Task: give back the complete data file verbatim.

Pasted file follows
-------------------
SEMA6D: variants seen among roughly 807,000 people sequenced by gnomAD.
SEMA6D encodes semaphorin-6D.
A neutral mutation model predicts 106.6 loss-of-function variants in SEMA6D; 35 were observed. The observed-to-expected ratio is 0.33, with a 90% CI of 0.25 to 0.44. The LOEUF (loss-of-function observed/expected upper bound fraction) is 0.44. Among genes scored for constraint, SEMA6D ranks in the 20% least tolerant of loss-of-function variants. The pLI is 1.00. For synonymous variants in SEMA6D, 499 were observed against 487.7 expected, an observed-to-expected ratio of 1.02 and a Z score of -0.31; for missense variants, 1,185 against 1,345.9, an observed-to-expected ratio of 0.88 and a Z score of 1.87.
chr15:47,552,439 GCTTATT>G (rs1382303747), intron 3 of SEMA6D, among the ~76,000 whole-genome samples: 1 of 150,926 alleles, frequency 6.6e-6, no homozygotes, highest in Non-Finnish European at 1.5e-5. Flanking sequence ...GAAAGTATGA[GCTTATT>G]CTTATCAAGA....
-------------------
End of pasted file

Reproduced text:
SEMA6D: variants seen among roughly 807,000 people sequenced by gnomAD.
SEMA6D encodes semaphorin-6D.
A neutral mutation model predicts 106.6 loss-of-function variants in SEMA6D; 35 were observed. The observed-to-expected ratio is 0.33, with a 90% CI of 0.25 to 0.44. The LOEUF (loss-of-function observed/expected upper bound fraction) is 0.44. Among genes scored for constraint, SEMA6D ranks in the 20% least tolerant of loss-of-function variants. The pLI is 1.00. For synonymous variants in SEMA6D, 499 were observed against 487.7 expected, an observed-to-expected ratio of 1.02 and a Z score of -0.31; for missense variants, 1,185 against 1,345.9, an observed-to-expected ratio of 0.88 and a Z score of 1.87.
chr15:47,552,439 GCTTATT>G (rs1382303747), intron 3 of SEMA6D, among the ~76,000 whole-genome samples: 1 of 150,926 alleles, frequency 6.6e-6, no homozygotes, highest in Non-Finnish European at 1.5e-5. Flanking sequence ...GAAAGTATGA[GCTTATT>G]CTTATCAAGA....